Michael Lilly is fearless in this role. He isn’t afraid to wear the emotions on his sleeve, whether he is making snide comments on the insincerity of the minister’s words in his father’s funeral service, or on the verge of emotionally melting down.
Both shows are decidedly darker and edgier than one would expect from HCT, and the theater company deserve credit for going out on a limb.
The Bad Seed induces a disturbing, psychological message for the ages. If a child can be manipulative and clever enough to get away with murder — what will happen when they become an adult in a position of power and authority?
As Nixon, veteran actor Michael MacCauley may not look like the former president, but so flawlessly inhabits the essence of Nixon that you are transfixed by his every word and gesture.
Momentum is key to this play, and the ensemble works together well together, almost like a dance choreographed to represent the shifting points of view.
Those yearning for a thorough version of this classic will find it here. The cast rises to the emotional challenge and reminds us how wild and untamed Williams’ Cat on a Hot Tin Roof can be.
The minimalist set design, rendered in primary colors of black, white and red, gives ample room for hooded ghosts to dart in and out of a white forest of leafless trees.
There’s a nimbleness to the writing that propels the play. It is the sort of script seasoned performers crave and can elevate.
The characters and plot in general make us think that this could all be happening in the next town over from the Cohen Brothers movie Fargo.
The Groundling provides a modern, comedic take on Shakespeare. It’s so well-written that, when the truth comes out, it’s a profound shift in tone that the actors execute superbly.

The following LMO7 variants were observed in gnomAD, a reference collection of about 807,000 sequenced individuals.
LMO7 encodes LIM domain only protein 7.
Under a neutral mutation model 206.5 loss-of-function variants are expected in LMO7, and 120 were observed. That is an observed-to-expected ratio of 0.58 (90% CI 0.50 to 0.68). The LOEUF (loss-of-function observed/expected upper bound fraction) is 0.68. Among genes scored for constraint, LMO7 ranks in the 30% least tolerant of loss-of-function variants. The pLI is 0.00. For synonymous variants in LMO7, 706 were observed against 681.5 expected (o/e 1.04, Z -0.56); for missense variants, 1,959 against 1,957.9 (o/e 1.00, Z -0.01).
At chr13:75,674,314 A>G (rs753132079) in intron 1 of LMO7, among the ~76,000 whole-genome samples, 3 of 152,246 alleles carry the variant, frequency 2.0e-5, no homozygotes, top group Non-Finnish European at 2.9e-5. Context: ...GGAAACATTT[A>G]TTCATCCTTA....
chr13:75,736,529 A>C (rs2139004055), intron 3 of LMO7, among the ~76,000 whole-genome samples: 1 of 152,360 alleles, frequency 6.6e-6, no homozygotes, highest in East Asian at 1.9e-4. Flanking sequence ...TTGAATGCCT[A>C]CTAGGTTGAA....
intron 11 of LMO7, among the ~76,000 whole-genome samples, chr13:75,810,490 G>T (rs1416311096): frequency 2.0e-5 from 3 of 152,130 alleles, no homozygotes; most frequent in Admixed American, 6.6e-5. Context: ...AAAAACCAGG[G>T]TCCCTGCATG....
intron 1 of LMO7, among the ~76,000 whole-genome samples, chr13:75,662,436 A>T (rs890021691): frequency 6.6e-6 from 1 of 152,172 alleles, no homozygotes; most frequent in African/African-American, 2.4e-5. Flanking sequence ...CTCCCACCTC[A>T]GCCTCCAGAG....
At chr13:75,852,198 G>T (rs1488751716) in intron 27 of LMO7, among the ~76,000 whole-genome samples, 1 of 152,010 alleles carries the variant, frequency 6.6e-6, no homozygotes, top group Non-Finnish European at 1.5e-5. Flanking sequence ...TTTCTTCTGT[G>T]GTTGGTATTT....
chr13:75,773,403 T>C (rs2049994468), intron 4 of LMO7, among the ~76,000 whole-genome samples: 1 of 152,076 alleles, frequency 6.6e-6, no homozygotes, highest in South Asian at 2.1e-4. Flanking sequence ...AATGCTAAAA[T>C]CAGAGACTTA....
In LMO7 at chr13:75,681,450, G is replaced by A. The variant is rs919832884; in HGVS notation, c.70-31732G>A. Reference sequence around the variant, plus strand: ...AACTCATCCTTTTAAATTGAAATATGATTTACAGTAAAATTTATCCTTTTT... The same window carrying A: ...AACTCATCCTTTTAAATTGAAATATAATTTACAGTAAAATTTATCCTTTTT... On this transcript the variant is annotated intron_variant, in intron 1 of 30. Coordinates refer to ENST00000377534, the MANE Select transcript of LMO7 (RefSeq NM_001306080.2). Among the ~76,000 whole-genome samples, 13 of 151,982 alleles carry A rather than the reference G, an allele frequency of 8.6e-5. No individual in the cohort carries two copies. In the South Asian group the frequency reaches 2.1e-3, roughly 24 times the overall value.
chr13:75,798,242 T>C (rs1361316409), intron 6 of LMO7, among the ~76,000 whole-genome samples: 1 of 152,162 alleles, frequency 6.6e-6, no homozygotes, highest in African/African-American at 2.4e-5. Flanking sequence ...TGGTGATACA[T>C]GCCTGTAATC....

Adults and children will find themselves reading the play on many levels. It reminds us that sometimes we need both escape and escapism.
This will be Different Strokes! final show in The BeBe Theatre. The company is moving to a new space in the near future called The Downstage Performing Arts Center.
Director Marci Bernstein takes the audience on 11 unrelated journeys in monologues by a who’s who of local talent. Each scene is its own story, and each actress holds the stage alone for those scenes.
FRP’s version is even more entertaining than both the Broadway version and the film — a feat not to take lightly, as this production had the power to draw Tony-nominee Terrance Mann to the opening.
Some folks might be reluctant to take in a “junior” performance of a Tony-award-winning musical that was bawdy and raucous in its original adult version. However, the chance to see young people tackle this show underscores the importance of bringing these essential messages and opportunities to young performers.
The unconventional life of oddball partyer Mame Dennis (played by Lyn Donley) is shaken up when, after her brother-in-law passes away, she’s entrusted with her young nephew, Patrick (Andrew Delbene).
With ‘The Love List’ we are reminded that the perfect person doesn’t exist, and it’s often our flaws that make us unique and lovable.
The play is told in confessional moments, directed at the audience. These give way to flashbacks that fill in gaps. The conclusion will leave the audience a little teary-eyed but also enriched
Jerry, played by Corey Link, and his best friend Dave (Michael Crosa) must find new jobs in a rust-belt town with few options. Lurking beneath their tough exteriors, these unemployed steel mill workers fear being losers.
Worth mentioning, the Hazel Robinson Amphitheater is, itself a character in this production. The setting allows for the actors to dart into the audience, chirping birds add to the ambiance, and when the first stars come out, the spell of a midsummer’s night is complete.
At its heart, Guys and Dolls is a story about the redemptive power of love. The clash of religious morality and the amoral streets of New York never overshadows the lightheartedness of the story.